• Enter Harwood, dragging in Lord Brilliant. Har. Now, my Lord, if your life be worth preserving a few minutes, draw.

• L. Bril. Sir, this is no proper place for a duel. Har. Not fo proper as the other room for your Lordfhip's intended purpose; however, it will do-Come, my Lord, you must fight me or ask your life-You can fight, I am fure; for I have been a witness of your Lordfhip's courage in Flanders-Why don't you draw?— Do the one or the other, or I fhall dishonour the peer• age of my country by kicking your Lordship out of the room.

• L. Bril. Sir, in a bad caufe I think it no diminu. tion of my honour to own myself to blame, and with it • were in my power to make her due fatisfaction for the intended injury.

Har. This is talking like the peer and the gentleman-My Lord, I'm fatisfied—I have some questions to afk Mr Trickit, and shall take it as a particular favour if you will be kind enough to leave us for a few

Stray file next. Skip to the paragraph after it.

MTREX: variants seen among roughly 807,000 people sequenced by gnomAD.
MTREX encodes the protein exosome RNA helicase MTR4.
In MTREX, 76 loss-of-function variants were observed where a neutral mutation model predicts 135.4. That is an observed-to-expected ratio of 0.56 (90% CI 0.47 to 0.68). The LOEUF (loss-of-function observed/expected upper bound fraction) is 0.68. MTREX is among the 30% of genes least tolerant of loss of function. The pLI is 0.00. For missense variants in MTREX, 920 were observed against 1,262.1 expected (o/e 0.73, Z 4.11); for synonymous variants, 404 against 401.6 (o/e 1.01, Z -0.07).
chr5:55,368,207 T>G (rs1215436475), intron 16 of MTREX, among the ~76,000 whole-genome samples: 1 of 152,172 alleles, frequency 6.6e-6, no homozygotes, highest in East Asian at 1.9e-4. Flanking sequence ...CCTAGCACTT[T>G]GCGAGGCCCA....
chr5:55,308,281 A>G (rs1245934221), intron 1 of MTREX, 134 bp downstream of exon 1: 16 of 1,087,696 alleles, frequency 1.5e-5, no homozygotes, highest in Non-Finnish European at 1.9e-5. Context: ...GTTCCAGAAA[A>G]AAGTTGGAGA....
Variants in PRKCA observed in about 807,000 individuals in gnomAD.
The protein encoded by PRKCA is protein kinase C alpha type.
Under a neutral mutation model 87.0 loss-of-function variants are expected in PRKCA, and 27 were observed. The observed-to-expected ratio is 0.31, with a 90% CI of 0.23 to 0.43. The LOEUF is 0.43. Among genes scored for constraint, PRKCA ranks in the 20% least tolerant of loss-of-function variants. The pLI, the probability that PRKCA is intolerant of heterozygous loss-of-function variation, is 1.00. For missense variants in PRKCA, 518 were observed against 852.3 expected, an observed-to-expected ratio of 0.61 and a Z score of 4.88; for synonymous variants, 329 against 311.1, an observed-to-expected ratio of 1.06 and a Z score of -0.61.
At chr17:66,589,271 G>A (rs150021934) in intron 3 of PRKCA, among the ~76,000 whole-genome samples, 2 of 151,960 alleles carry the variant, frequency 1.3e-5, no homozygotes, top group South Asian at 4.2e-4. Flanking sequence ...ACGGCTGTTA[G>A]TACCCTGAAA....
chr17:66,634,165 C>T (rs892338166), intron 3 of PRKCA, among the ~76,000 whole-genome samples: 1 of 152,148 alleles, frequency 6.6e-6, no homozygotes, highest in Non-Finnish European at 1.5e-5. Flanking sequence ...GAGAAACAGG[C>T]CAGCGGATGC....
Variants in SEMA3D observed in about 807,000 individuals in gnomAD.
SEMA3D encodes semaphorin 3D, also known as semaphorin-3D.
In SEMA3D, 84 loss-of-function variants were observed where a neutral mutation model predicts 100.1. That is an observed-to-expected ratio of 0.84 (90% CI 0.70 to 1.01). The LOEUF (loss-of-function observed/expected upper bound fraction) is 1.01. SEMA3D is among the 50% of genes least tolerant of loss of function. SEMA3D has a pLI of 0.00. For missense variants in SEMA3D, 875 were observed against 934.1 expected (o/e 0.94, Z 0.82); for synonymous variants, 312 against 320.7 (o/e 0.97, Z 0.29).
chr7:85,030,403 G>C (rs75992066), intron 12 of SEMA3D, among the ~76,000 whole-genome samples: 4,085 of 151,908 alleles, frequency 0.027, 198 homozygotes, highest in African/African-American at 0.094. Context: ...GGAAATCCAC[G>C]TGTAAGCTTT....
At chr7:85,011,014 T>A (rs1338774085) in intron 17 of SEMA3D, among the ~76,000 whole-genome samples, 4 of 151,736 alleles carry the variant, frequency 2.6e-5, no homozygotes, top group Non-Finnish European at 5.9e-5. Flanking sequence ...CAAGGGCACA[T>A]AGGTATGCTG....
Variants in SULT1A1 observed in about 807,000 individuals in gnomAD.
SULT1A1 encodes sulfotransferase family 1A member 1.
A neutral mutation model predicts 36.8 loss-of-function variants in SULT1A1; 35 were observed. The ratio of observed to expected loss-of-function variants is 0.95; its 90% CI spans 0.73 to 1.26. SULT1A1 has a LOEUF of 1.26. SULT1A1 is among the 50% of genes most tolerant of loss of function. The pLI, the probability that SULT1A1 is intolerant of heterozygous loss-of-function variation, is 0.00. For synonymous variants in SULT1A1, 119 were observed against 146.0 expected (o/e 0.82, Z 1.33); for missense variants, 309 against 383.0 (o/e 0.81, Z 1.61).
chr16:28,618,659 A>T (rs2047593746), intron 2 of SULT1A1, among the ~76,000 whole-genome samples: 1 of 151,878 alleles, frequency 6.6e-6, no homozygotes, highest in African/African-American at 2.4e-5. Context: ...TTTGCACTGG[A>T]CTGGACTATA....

• minutes.

• L. Bril. Sir, I fhall withdraw; and if I can ferve either you or the lady, you may freely command me. • Har. I humbly thank your Lordship-Mr Williams, pray unlock the door. (Exit L. Bril.) I am forry, Mr • Trickit, there fhould be fuch a brace of rafcals in the world as you and your friend; Mr Williams open'd this letter, on a fuppofition of its being relative to the bufinefs of the register-office-I need not tell you it is a

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proof of a piece of villany fufficient to hang you both: however, in confideration of your family, I shall let your crime flip unpunished, on condition of your reftoring the money, of which you have robb'd your niece by a